Sept. 24-25, 2005
"Empirical Studies in Reverse Engineering"
Contact the organizer
Paolo Tonella email@example.com
During the last ten years tools and techniques for the reverse engineering of existing code have been proposed and implemented. However, no systematic attempt has been made to validate their usability and usefulness in the field, through empirical studies. In order to accompany this discipline toward its maturity, it is of fundamental importance to investigate the most cost-effective way to introduce the proposed methods into the software development and evolution process.
The kinds of results that can be obtained from the execution of empirical studies include:
The first objective of the workshop will be the definition of a taxonomy of the existing techniques and approaches. Such a classification is expected to form the basis for the empirical studies, by providing the main dimensions of the reverse engineering space.
The empirical validations of different reverse engineering techniques and tools are expected to show several similarities. Correspondingly, we will have the opportunity to discuss the features of a general framework for the empirical studies which aim at assessing the potential role of reverse engineering in software evolution. The preliminary definition of such a framework is the second workshop's objective.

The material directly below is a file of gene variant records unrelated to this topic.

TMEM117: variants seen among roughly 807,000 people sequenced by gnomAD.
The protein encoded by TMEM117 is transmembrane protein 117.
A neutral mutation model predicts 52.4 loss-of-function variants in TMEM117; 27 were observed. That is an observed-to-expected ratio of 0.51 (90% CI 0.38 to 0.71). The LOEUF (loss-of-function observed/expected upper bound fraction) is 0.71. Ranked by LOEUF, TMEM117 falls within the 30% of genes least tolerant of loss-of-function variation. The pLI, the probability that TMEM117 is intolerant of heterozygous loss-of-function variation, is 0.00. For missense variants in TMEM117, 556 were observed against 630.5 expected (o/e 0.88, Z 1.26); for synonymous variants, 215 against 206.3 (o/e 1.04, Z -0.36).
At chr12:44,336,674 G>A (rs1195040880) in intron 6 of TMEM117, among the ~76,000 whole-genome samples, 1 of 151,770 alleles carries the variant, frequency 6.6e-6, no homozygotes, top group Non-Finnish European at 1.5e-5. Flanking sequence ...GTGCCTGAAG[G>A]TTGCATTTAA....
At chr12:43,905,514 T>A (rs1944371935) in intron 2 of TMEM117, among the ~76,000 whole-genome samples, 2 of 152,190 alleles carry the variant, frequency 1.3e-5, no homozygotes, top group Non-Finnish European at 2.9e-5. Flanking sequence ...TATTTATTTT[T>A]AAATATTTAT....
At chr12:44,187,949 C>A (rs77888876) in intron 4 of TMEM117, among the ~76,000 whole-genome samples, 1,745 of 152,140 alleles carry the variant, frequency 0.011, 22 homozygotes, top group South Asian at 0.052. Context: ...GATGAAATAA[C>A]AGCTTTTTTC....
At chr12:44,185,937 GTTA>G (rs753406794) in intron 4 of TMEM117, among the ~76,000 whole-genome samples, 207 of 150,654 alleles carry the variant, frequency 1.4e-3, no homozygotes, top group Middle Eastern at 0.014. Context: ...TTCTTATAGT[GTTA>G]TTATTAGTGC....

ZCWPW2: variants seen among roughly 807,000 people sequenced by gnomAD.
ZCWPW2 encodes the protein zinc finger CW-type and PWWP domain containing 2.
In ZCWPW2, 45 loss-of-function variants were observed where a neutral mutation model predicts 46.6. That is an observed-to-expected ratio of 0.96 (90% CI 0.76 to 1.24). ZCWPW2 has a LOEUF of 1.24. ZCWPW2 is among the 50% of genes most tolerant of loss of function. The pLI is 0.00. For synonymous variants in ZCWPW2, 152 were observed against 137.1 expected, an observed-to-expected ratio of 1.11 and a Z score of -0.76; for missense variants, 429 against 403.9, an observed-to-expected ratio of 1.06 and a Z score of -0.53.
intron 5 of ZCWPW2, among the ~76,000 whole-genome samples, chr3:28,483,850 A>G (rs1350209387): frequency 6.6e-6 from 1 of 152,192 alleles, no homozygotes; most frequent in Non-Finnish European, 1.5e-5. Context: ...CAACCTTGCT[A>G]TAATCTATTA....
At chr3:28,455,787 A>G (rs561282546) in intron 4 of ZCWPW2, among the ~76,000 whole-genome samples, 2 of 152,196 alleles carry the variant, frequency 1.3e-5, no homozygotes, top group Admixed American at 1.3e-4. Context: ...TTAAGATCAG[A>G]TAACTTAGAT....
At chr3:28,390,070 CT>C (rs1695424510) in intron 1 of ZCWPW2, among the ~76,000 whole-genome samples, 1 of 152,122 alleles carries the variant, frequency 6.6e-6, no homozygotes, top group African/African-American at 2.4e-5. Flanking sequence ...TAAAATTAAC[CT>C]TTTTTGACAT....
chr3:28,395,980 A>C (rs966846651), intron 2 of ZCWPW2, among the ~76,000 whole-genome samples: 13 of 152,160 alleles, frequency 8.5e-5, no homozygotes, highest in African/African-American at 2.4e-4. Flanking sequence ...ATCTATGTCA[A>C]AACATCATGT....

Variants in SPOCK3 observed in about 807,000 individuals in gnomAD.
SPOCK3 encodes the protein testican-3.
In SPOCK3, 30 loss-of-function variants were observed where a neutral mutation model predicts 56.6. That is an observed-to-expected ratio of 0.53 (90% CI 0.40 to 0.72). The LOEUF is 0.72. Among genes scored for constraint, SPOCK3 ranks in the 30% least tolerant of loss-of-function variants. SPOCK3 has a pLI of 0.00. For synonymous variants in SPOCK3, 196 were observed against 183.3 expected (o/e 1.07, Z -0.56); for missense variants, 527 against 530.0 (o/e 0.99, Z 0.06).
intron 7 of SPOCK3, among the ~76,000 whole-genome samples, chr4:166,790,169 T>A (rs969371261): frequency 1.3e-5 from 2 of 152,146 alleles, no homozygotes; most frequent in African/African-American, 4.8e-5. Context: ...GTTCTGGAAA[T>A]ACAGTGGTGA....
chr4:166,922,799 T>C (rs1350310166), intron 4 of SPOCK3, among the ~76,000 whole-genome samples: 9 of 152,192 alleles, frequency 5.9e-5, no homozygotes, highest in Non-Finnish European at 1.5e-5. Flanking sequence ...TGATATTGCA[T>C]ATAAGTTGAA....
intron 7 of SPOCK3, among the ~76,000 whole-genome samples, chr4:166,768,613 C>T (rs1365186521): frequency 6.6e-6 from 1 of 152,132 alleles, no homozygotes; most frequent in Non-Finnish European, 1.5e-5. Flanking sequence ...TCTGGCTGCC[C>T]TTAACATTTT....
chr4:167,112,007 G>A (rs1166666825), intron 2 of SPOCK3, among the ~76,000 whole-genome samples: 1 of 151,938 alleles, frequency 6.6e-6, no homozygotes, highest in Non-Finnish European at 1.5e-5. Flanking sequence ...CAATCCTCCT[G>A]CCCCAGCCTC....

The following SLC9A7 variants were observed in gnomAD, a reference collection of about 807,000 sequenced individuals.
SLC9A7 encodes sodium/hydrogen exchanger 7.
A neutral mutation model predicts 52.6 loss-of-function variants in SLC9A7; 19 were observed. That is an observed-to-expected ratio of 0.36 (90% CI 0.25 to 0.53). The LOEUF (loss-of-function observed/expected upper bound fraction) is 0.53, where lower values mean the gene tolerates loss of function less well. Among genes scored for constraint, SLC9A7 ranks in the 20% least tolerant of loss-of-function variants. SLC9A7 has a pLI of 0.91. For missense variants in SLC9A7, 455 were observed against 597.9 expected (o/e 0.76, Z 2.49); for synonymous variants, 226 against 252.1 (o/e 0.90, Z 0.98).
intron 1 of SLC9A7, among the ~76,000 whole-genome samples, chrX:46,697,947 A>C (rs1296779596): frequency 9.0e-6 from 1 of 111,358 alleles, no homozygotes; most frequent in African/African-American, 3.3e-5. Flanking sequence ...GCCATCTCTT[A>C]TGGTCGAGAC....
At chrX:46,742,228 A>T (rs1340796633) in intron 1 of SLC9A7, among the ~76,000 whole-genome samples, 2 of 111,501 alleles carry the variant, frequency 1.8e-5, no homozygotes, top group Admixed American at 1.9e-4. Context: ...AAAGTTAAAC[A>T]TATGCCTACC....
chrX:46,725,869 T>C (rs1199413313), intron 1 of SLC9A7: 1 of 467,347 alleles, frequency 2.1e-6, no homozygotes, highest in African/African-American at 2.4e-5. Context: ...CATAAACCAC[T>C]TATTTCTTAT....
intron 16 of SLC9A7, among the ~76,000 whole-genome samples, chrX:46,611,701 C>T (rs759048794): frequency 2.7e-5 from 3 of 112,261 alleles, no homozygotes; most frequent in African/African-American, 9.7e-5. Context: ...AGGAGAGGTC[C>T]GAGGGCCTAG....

Express your position with respect to the workshop's theme and the two workshop's objectives in a 2-5 pages long position paper. Send your position paper to firstname.lastname@example.org (CC: email@example.com) by August 22, 2005. Notification of position paper acceptance will be sent by August 29, 2005.